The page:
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Growing Capsicum, also Bell peppers, Sweet peppers

Jan F M A M J J A S O N Dec
              S S T T T

(Best months for growing Capsicum in Australia - temperate regions)

S = Plant undercover in seed trays. T = Plant out (transplant) seedlings.

August: Sow in pots

  • Grow in seed trays, and plant out in 4-6 weeks. Sow seed at a depth approximately three times the diameter of the seed. Best planted at soil temperatures between 18°C and 35°C. (Show °F/in)
  • Space plants: 20 - 50 cm apart
  • Harvest in 10-12 weeks. Cut fruit off with sharp knife.
  • Compatible with (can grow beside): Egg plant (Aubergine), Nasturtiums, Basil, Parsley, Amaranth
  • 'Banana' capsicum
    'Banana' capsicum
  • A yellow capsicum
    A yellow capsicum

Small bushy plant about 40cm high The seeds are reluctant to start germinating if temperatures drop at night. These are best sown in small trays in a warm, sheltered place: a small greenhouse if possible. Then plant out when about 10 -12cm (4-5in) tall.

They are from the same family as chilli but are not hot and spicy. The seeds are bitter.

Capsicums are frost tender and need warmth to ripen the fruit to the brilliant reds and yellows of commercial ones. They can be used green but are not as sweet.

There are a number of colours available, chocolate, black, yellow, orange as well as red. They all start off green and change as they ripen.

In cool, wet weather cover with a cloche or frost fleece.

Culinary hints - cooking and eating Capsicum

Can be sliced and seeded and used raw in salads.
Will freeze successfully without blanching if seeded and sliced.

Or brush with olive oil, roast at a high temperature until the skin changes colour
then put in a covered dish until cool and rub off the skin and remove seeds.

Your comments and tips

10 Jun 17, Lyndal (Australia - temperate climate)
I have heaps of green capsicum in my garden which are long and thin. They don't appear to be growing any bigger or changing colour. I planted sweet mix capsicum and some are probably as long as 20cm but skinny and green. Are they ready to pick or how do I go about making them yellow and red. They have been in my garden for ages.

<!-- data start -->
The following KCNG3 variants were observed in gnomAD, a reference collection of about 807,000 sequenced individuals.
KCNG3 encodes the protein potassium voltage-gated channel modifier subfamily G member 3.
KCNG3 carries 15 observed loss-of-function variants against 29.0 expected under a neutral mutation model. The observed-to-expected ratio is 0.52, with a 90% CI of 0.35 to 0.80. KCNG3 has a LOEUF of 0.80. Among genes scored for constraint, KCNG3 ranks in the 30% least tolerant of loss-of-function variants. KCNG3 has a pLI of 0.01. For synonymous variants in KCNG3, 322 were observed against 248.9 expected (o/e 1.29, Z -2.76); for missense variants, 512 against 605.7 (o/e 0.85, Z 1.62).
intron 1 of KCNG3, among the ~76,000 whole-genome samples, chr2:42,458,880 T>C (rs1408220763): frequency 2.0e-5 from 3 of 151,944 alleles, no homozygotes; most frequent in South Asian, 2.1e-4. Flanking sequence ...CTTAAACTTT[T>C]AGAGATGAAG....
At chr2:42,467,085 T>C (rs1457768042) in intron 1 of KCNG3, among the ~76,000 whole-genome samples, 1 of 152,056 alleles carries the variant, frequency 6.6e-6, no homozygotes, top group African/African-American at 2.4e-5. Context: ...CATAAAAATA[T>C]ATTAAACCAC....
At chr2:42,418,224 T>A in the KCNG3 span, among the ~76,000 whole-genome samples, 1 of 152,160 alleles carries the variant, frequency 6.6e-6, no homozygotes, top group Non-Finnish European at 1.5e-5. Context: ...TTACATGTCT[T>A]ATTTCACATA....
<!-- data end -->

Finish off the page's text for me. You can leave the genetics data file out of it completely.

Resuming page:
19 Jun 17, Mike (Australia - temperate climate)
You have (probably) planted a kind of capsicum the grows long and thin - mixed sweet caps. You have not planted the normal caps - round caps. Google how to grow caps or peppers and read about the different varieties. The guide on this website will tell you how long they should take until ready to pick and eat - something like 10-12 weeks.
11 Jun 17, Darren (Australia - temperate climate)
Hi Lyndal, It's probably too late for your capsicums now. The only thing I would suggest is pick one or two that feel like they are almost ready, and leave them in a window sill to ripen. I did that with the last few capsicums from our crop this year, before pulling them up.
22 May 17, Maureen (Australia - temperate climate)
I have been harvesting my capsicum since early summer. They still have fruit and flowers. Should I pull up when I have picked the capsicums that are nearly ready. I want to start my winter garden and am not sure whether they just keep on being generous in their supply.
22 May 17, Giovanni (Australia - temperate climate)
As the winter sets in capsicum yield will diminish and a good frost will kill the plants. Capsicums are a short-lived perennial but you would be best to harvest what you can and then pull the plants out giving you room to plant your winter garden. Fresh plants in a new spot next spring would be best.
17 May 17, Lynny (Australia - temperate climate)
My capsicum bush is loaded but the fruit is very bitter. How can I sweeten them up?
17 May 17, Ken (Australia - temperate climate)
Adding Epsom Salts at the rate of 1 tbs - 2 litres of water will improve the flavour and sweetness of tomatoes so you could give that a try. They are both in the Solanacea family. All the best.
15 May 17, maurie (Australia - sub-tropical climate)
do I need to stake a capsicum plant whilst it is growing?
15 May 17, Darren (Australia - temperate climate)
Hi Maurie, capsicums grow fine without staking, however I found that once they start to bear fruit, they lean down to the ground. Staking might help keep your capsicums off the ground.
15 May 17, Sean (Australia - temperate climate)
Normally capsicums make a sturdy, self supporting bush. If they are getting tall or leggy a stake would certainly help and would avoid the disappointment of a plant being blown over when it was laden with fruit.
Showing 1 - 10 of 348 comments

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